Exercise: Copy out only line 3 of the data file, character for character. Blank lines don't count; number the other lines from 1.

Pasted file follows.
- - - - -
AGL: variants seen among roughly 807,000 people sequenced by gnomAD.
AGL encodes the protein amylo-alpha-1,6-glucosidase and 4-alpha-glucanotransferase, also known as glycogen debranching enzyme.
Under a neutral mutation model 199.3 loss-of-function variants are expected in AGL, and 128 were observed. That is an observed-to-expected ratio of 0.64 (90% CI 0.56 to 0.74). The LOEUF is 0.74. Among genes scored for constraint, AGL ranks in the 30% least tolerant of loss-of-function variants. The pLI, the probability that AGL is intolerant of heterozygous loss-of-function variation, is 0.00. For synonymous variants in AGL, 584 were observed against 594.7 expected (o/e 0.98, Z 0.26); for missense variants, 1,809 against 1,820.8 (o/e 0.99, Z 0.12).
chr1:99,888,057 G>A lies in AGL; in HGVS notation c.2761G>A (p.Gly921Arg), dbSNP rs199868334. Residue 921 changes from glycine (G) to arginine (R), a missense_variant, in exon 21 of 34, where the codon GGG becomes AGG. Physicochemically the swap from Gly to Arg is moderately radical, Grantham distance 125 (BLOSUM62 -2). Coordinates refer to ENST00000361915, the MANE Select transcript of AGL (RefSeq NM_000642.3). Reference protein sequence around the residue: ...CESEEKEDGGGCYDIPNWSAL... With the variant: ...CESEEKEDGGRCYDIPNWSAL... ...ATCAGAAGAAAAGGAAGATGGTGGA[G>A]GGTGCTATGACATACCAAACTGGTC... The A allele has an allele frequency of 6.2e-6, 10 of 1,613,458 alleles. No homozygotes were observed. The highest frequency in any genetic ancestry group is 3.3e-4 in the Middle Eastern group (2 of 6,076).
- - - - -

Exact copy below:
Under a neutral mutation model 199.3 loss-of-function variants are expected in AGL, and 128 were observed. That is an observed-to-expected ratio of 0.64 (90% CI 0.56 to 0.74). The LOEUF is 0.74. Among genes scored for constraint, AGL ranks in the 30% least tolerant of loss-of-function variants. The pLI, the probability that AGL is intolerant of heterozygous loss-of-function variation, is 0.00. For synonymous variants in AGL, 584 were observed against 594.7 expected (o/e 0.98, Z 0.26); for missense variants, 1,809 against 1,820.8 (o/e 0.99, Z 0.12).